Willy Chavarria Is Ready for NYFW


New York Fashion Week officially kicks off Friday, and Willy Chavarria is the talk of the town. You can feel it in the energy at his Greenpoint studio, where he’s prepping for his show Friday night — it is his time.

With gender-blending at his core, Chavarria is conflicted about launching a separate womenswear collection, but teased the idea by tapping model Dilone for a WWD preview of his fall 2024 collection, which he describes as a mix of “Feud: Truman Capote vs. The Swans” and “Griselda,” Sofia Vergara’s new Netflix series about female cartel leader Griselda Blanco.

“Womenswear, womenswear, womenswear, what’s womenswear? Who’s a woman, who’s a man? we’re all swans, darling!” Chavarria smiles.

For fall, his new American power tailoring comes in luxe heritage tweeds. The houndstooth Staple blazer with exquisite shoulders that Dilone is wearing with a double breasted floor-length coat and Jalisco trousers is special enough to hang in the closet next to an Armani or Saint Laurent. An exaggerated tie-neck blouse in a wool check feels like an instant classic. And for the first time, he’s showing Willy Chavarria handbags with chunky gold “WC” logo hardware.

The culmination of decades of experience working at Ralph Lauren, Calvin Klein and elsewhere, he’s homed in on his brand signatures and is elevating them. 

In 2023, Chavarria scooped up the CFDA Menswear Designer of the Year Award, the Designer of the Year Award at the Latin American Awards, and left his role as senior vice president of design at Calvin Klein to focus solely on his own nine-year-old business.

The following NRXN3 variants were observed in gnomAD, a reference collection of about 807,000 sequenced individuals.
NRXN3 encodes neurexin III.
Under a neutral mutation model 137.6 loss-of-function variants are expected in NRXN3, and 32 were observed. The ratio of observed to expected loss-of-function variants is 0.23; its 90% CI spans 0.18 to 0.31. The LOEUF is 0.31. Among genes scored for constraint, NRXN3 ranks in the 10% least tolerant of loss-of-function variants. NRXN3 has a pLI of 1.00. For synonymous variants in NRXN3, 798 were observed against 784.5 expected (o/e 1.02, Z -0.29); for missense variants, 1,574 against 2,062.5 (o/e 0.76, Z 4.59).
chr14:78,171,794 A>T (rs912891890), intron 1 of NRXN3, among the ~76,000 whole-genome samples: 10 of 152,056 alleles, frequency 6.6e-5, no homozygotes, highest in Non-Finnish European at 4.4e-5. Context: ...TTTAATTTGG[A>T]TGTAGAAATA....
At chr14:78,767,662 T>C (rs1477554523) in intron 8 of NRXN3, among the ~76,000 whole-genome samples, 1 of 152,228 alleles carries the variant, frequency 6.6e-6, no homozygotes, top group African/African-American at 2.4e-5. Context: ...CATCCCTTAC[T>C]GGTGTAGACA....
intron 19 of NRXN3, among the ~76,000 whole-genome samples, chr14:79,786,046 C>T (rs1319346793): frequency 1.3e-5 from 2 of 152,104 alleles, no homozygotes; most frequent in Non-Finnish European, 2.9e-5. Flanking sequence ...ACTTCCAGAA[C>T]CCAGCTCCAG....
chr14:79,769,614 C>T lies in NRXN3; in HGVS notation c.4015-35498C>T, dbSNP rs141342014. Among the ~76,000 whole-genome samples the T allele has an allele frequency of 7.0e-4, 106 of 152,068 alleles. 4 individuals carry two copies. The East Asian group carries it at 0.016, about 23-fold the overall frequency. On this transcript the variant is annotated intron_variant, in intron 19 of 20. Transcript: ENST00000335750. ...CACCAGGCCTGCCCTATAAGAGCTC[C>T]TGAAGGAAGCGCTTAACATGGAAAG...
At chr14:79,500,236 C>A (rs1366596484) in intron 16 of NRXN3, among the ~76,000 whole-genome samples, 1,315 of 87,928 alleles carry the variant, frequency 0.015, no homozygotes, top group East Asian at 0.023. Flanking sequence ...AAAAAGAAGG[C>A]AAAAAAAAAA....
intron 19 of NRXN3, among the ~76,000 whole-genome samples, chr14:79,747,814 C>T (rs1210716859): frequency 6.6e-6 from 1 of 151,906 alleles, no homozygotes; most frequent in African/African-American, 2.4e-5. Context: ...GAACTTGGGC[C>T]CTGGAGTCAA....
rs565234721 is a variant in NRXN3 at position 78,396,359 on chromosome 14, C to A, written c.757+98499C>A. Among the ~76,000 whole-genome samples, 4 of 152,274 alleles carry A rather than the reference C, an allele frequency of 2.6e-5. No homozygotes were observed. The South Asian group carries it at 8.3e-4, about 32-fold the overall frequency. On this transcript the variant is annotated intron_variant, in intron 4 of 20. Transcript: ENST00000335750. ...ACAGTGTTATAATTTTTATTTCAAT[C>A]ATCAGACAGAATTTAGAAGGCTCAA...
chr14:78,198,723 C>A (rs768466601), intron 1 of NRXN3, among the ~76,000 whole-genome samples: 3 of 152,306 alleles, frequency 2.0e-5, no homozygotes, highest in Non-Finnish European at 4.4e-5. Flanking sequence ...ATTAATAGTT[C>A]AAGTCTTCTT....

And he’s already off to a strong 2024. Wholesaling for the first time, his collection is now at Bergdorf Goodman, Saks Fifth Avenue and soon Maxfield and Dover Street Market. The influence of his Latinidad style, hourglass waist and broad shoulder tailoring, oversized workwear and Western touches could be seen on the men’s runways in Europe in January, from JW Anderson to Louis Vuitton.

“It’s flattering, but I just wish one of those houses would hire me and make it easy on themselves!” he laughs.

Hollywood has taken notice of his rise as well. Despite the fact that Chavarria doesn’t have money to pay for play, he’s long had celebrity attention, including from Madonna, Kendrick Lamar, Travis Scott and Sam Smith, among others. But awards season attention is next level, and the recent exposure from celebrity women in particular could push the androgynous trend even further in fashion.

For the Golden Globes, Billie Eilish wore his oversized black blazer, pin-striped shirt and wide-leg khaki shorts on the red carpet, and at the Grammys, she turned to him again for an oversized white shirt, black pants and necktie.

Billie Eilish in Willy Chavarria

Billie Eilish in Willy Chavarria.

Tommaso Boddi/Golden Globes

“Billie, she buys, which is great because a lot of people want it for free,” said Chavarria, reflecting on the reality that designers typically have to pay out of their own pockets to send clothes for celebrity consideration, only to often have the looks go unworn. “I actually just had to say ‘no’ to somebody really big. It would have cost me a fortune. It was a gown that would have cost me thousands of dollars to make, and during fashion week. I’m too small right now. I don’t have an atelier that can take this on, it would still be me doing it, taking the measurements and doing the pattern. I’m not there yet, but I will be.”

Lots of cool girls have been wearing his commanding men’s suits and outsized handmade silk flower corsages recently, including new style star Ayo Edebiri on a recent promo for “Saturday Night Live,” and Tracee Ellis Ross during the press tour for her holiday film “Candy Cane Lane.”